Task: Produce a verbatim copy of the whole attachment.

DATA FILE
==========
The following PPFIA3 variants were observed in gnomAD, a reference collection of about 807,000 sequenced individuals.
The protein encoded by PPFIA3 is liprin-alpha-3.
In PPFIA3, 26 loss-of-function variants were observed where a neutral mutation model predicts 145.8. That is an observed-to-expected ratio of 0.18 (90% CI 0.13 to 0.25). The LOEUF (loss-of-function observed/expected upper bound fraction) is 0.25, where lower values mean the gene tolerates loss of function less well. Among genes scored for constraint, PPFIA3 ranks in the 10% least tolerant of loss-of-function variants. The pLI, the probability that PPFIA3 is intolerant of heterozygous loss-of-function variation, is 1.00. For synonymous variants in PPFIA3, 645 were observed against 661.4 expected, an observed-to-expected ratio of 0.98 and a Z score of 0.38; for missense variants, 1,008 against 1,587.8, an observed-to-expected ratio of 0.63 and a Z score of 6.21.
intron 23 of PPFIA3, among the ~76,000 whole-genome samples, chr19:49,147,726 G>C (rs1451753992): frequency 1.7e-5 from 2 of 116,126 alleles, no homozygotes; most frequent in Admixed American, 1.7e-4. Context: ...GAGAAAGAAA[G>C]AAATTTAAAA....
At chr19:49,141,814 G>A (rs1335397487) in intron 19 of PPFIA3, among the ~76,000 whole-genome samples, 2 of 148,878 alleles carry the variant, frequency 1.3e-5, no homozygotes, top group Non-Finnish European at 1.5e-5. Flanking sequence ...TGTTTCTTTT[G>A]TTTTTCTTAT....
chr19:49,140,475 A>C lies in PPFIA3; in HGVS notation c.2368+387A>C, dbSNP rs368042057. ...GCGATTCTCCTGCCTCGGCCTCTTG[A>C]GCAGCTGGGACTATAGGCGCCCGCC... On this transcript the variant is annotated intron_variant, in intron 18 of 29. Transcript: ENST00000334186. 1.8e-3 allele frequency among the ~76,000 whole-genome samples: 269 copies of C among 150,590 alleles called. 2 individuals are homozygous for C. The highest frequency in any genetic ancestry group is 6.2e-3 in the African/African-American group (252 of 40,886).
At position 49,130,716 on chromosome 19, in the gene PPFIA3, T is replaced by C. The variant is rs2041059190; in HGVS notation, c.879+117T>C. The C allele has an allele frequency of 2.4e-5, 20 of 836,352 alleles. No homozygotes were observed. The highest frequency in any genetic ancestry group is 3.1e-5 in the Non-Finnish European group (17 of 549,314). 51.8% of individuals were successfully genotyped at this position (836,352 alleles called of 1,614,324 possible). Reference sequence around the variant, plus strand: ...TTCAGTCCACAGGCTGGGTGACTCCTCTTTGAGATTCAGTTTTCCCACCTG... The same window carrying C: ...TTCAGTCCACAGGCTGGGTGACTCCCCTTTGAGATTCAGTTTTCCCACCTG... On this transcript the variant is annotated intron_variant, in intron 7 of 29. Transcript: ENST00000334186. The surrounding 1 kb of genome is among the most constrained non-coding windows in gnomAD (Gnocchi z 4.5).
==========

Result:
The following PPFIA3 variants were observed in gnomAD, a reference collection of about 807,000 sequenced individuals.
The protein encoded by PPFIA3 is liprin-alpha-3.
In PPFIA3, 26 loss-of-function variants were observed where a neutral mutation model predicts 145.8. That is an observed-to-expected ratio of 0.18 (90% CI 0.13 to 0.25). The LOEUF (loss-of-function observed/expected upper bound fraction) is 0.25, where lower values mean the gene tolerates loss of function less well. Among genes scored for constraint, PPFIA3 ranks in the 10% least tolerant of loss-of-function variants. The pLI, the probability that PPFIA3 is intolerant of heterozygous loss-of-function variation, is 1.00. For synonymous variants in PPFIA3, 645 were observed against 661.4 expected, an observed-to-expected ratio of 0.98 and a Z score of 0.38; for missense variants, 1,008 against 1,587.8, an observed-to-expected ratio of 0.63 and a Z score of 6.21.
intron 23 of PPFIA3, among the ~76,000 whole-genome samples, chr19:49,147,726 G>C (rs1451753992): frequency 1.7e-5 from 2 of 116,126 alleles, no homozygotes; most frequent in Admixed American, 1.7e-4. Context: ...GAGAAAGAAA[G>C]AAATTTAAAA....
At chr19:49,141,814 G>A (rs1335397487) in intron 19 of PPFIA3, among the ~76,000 whole-genome samples, 2 of 148,878 alleles carry the variant, frequency 1.3e-5, no homozygotes, top group Non-Finnish European at 1.5e-5. Flanking sequence ...TGTTTCTTTT[G>A]TTTTTCTTAT....
chr19:49,140,475 A>C lies in PPFIA3; in HGVS notation c.2368+387A>C, dbSNP rs368042057. ...GCGATTCTCCTGCCTCGGCCTCTTG[A>C]GCAGCTGGGACTATAGGCGCCCGCC... On this transcript the variant is annotated intron_variant, in intron 18 of 29. Transcript: ENST00000334186. 1.8e-3 allele frequency among the ~76,000 whole-genome samples: 269 copies of C among 150,590 alleles called. 2 individuals are homozygous for C. The highest frequency in any genetic ancestry group is 6.2e-3 in the African/African-American group (252 of 40,886).
At position 49,130,716 on chromosome 19, in the gene PPFIA3, T is replaced by C. The variant is rs2041059190; in HGVS notation, c.879+117T>C. The C allele has an allele frequency of 2.4e-5, 20 of 836,352 alleles. No homozygotes were observed. The highest frequency in any genetic ancestry group is 3.1e-5 in the Non-Finnish European group (17 of 549,314). 51.8% of individuals were successfully genotyped at this position (836,352 alleles called of 1,614,324 possible). Reference sequence around the variant, plus strand: ...TTCAGTCCACAGGCTGGGTGACTCCTCTTTGAGATTCAGTTTTCCCACCTG... The same window carrying C: ...TTCAGTCCACAGGCTGGGTGACTCCCCTTTGAGATTCAGTTTTCCCACCTG... On this transcript the variant is annotated intron_variant, in intron 7 of 29. Transcript: ENST00000334186. The surrounding 1 kb of genome is among the most constrained non-coding windows in gnomAD (Gnocchi z 4.5).